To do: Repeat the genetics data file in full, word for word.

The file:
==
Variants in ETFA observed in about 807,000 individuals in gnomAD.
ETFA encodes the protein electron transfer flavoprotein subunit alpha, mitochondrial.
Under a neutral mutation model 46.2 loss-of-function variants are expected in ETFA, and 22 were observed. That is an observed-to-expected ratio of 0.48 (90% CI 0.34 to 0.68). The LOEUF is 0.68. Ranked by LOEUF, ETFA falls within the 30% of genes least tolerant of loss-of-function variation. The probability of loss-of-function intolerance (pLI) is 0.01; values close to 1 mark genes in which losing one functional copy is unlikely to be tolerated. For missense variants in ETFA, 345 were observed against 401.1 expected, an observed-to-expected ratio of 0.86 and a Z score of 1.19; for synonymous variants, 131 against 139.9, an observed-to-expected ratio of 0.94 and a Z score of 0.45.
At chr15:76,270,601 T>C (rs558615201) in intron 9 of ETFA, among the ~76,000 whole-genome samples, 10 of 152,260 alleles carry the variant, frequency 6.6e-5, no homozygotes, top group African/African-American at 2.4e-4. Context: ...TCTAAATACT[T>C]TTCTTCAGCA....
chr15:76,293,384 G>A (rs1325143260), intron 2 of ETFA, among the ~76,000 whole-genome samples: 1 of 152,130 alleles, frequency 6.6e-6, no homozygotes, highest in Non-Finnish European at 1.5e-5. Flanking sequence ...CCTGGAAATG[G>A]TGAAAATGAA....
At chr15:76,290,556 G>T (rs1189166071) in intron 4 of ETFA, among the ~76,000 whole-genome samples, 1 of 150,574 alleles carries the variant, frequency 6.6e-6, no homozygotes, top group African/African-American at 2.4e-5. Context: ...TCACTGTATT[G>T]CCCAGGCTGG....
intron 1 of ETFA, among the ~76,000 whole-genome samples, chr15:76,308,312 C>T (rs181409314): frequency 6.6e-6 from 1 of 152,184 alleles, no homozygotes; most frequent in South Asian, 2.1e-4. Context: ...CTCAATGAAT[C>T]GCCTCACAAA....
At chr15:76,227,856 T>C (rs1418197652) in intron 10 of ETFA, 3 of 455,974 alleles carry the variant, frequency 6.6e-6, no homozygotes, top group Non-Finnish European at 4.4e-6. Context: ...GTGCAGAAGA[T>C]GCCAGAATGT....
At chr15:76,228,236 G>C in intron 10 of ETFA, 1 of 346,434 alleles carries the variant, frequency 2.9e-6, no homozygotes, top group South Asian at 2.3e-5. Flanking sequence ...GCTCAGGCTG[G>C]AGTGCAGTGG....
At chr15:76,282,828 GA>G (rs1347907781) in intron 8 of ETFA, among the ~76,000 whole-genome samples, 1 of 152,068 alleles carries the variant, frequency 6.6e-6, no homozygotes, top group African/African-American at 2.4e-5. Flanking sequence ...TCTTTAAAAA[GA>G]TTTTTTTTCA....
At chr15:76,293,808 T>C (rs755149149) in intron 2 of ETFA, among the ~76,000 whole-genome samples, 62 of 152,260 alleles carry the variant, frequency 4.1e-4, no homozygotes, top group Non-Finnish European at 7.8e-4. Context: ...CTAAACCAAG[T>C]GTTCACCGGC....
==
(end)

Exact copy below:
Variants in ETFA observed in about 807,000 individuals in gnomAD.
ETFA encodes the protein electron transfer flavoprotein subunit alpha, mitochondrial.
Under a neutral mutation model 46.2 loss-of-function variants are expected in ETFA, and 22 were observed. That is an observed-to-expected ratio of 0.48 (90% CI 0.34 to 0.68). The LOEUF is 0.68. Ranked by LOEUF, ETFA falls within the 30% of genes least tolerant of loss-of-function variation. The probability of loss-of-function intolerance (pLI) is 0.01; values close to 1 mark genes in which losing one functional copy is unlikely to be tolerated. For missense variants in ETFA, 345 were observed against 401.1 expected, an observed-to-expected ratio of 0.86 and a Z score of 1.19; for synonymous variants, 131 against 139.9, an observed-to-expected ratio of 0.94 and a Z score of 0.45.
At chr15:76,270,601 T>C (rs558615201) in intron 9 of ETFA, among the ~76,000 whole-genome samples, 10 of 152,260 alleles carry the variant, frequency 6.6e-5, no homozygotes, top group African/African-American at 2.4e-4. Context: ...TCTAAATACT[T>C]TTCTTCAGCA....
chr15:76,293,384 G>A (rs1325143260), intron 2 of ETFA, among the ~76,000 whole-genome samples: 1 of 152,130 alleles, frequency 6.6e-6, no homozygotes, highest in Non-Finnish European at 1.5e-5. Flanking sequence ...CCTGGAAATG[G>A]TGAAAATGAA....
At chr15:76,290,556 G>T (rs1189166071) in intron 4 of ETFA, among the ~76,000 whole-genome samples, 1 of 150,574 alleles carries the variant, frequency 6.6e-6, no homozygotes, top group African/African-American at 2.4e-5. Context: ...TCACTGTATT[G>T]CCCAGGCTGG....
intron 1 of ETFA, among the ~76,000 whole-genome samples, chr15:76,308,312 C>T (rs181409314): frequency 6.6e-6 from 1 of 152,184 alleles, no homozygotes; most frequent in South Asian, 2.1e-4. Context: ...CTCAATGAAT[C>T]GCCTCACAAA....
At chr15:76,227,856 T>C (rs1418197652) in intron 10 of ETFA, 3 of 455,974 alleles carry the variant, frequency 6.6e-6, no homozygotes, top group Non-Finnish European at 4.4e-6. Context: ...GTGCAGAAGA[T>C]GCCAGAATGT....
At chr15:76,228,236 G>C in intron 10 of ETFA, 1 of 346,434 alleles carries the variant, frequency 2.9e-6, no homozygotes, top group South Asian at 2.3e-5. Flanking sequence ...GCTCAGGCTG[G>C]AGTGCAGTGG....
At chr15:76,282,828 GA>G (rs1347907781) in intron 8 of ETFA, among the ~76,000 whole-genome samples, 1 of 152,068 alleles carries the variant, frequency 6.6e-6, no homozygotes, top group African/African-American at 2.4e-5. Flanking sequence ...TCTTTAAAAA[GA>G]TTTTTTTTCA....
At chr15:76,293,808 T>C (rs755149149) in intron 2 of ETFA, among the ~76,000 whole-genome samples, 62 of 152,260 alleles carry the variant, frequency 4.1e-4, no homozygotes, top group Non-Finnish European at 7.8e-4. Context: ...CTAAACCAAG[T>C]GTTCACCGGC....